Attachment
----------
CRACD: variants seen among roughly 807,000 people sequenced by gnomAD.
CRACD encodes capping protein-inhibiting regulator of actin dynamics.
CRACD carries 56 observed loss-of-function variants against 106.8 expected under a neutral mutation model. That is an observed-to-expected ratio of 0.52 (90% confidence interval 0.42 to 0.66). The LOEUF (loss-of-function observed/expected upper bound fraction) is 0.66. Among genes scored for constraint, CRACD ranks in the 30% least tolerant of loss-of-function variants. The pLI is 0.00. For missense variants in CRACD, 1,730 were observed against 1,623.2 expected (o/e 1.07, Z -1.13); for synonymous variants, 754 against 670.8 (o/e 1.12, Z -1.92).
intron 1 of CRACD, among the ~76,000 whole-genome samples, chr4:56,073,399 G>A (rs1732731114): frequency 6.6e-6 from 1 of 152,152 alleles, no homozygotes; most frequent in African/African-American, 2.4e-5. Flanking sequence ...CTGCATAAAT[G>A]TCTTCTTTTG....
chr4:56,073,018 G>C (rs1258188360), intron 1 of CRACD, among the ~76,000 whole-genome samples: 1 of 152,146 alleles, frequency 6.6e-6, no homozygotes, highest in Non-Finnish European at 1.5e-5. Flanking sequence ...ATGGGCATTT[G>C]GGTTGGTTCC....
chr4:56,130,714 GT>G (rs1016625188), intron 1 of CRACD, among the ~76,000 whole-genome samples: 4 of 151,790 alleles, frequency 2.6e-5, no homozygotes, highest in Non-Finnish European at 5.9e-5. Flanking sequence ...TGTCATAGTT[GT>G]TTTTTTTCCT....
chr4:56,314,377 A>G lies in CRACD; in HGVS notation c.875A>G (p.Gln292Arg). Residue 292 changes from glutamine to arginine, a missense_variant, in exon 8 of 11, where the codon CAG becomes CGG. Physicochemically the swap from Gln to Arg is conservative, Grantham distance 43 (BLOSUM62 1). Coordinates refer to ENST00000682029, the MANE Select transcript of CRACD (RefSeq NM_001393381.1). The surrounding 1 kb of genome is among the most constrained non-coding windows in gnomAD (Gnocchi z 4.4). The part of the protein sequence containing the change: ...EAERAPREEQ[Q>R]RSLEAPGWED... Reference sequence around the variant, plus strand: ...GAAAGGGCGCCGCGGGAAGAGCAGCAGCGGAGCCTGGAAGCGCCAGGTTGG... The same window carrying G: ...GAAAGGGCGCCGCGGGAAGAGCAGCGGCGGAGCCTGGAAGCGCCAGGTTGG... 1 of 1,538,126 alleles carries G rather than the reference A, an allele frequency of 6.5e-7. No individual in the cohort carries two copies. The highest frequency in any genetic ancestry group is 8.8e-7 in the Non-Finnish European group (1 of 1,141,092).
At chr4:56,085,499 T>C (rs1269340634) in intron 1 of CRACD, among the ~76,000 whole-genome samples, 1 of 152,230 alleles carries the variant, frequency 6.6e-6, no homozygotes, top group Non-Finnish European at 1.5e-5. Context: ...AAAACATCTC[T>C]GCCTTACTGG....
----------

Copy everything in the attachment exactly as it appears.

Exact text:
CRACD: variants seen among roughly 807,000 people sequenced by gnomAD.
CRACD encodes capping protein-inhibiting regulator of actin dynamics.
CRACD carries 56 observed loss-of-function variants against 106.8 expected under a neutral mutation model. That is an observed-to-expected ratio of 0.52 (90% confidence interval 0.42 to 0.66). The LOEUF (loss-of-function observed/expected upper bound fraction) is 0.66. Among genes scored for constraint, CRACD ranks in the 30% least tolerant of loss-of-function variants. The pLI is 0.00. For missense variants in CRACD, 1,730 were observed against 1,623.2 expected (o/e 1.07, Z -1.13); for synonymous variants, 754 against 670.8 (o/e 1.12, Z -1.92).
intron 1 of CRACD, among the ~76,000 whole-genome samples, chr4:56,073,399 G>A (rs1732731114): frequency 6.6e-6 from 1 of 152,152 alleles, no homozygotes; most frequent in African/African-American, 2.4e-5. Flanking sequence ...CTGCATAAAT[G>A]TCTTCTTTTG....
chr4:56,073,018 G>C (rs1258188360), intron 1 of CRACD, among the ~76,000 whole-genome samples: 1 of 152,146 alleles, frequency 6.6e-6, no homozygotes, highest in Non-Finnish European at 1.5e-5. Flanking sequence ...ATGGGCATTT[G>C]GGTTGGTTCC....
chr4:56,130,714 GT>G (rs1016625188), intron 1 of CRACD, among the ~76,000 whole-genome samples: 4 of 151,790 alleles, frequency 2.6e-5, no homozygotes, highest in Non-Finnish European at 5.9e-5. Flanking sequence ...TGTCATAGTT[GT>G]TTTTTTTCCT....
chr4:56,314,377 A>G lies in CRACD; in HGVS notation c.875A>G (p.Gln292Arg). Residue 292 changes from glutamine to arginine, a missense_variant, in exon 8 of 11, where the codon CAG becomes CGG. Physicochemically the swap from Gln to Arg is conservative, Grantham distance 43 (BLOSUM62 1). Coordinates refer to ENST00000682029, the MANE Select transcript of CRACD (RefSeq NM_001393381.1). The surrounding 1 kb of genome is among the most constrained non-coding windows in gnomAD (Gnocchi z 4.4). The part of the protein sequence containing the change: ...EAERAPREEQ[Q>R]RSLEAPGWED... Reference sequence around the variant, plus strand: ...GAAAGGGCGCCGCGGGAAGAGCAGCAGCGGAGCCTGGAAGCGCCAGGTTGG... The same window carrying G: ...GAAAGGGCGCCGCGGGAAGAGCAGCGGCGGAGCCTGGAAGCGCCAGGTTGG... 1 of 1,538,126 alleles carries G rather than the reference A, an allele frequency of 6.5e-7. No individual in the cohort carries two copies. The highest frequency in any genetic ancestry group is 8.8e-7 in the Non-Finnish European group (1 of 1,141,092).
At chr4:56,085,499 T>C (rs1269340634) in intron 1 of CRACD, among the ~76,000 whole-genome samples, 1 of 152,230 alleles carries the variant, frequency 6.6e-6, no homozygotes, top group Non-Finnish European at 1.5e-5. Context: ...AAAACATCTC[T>C]GCCTTACTGG....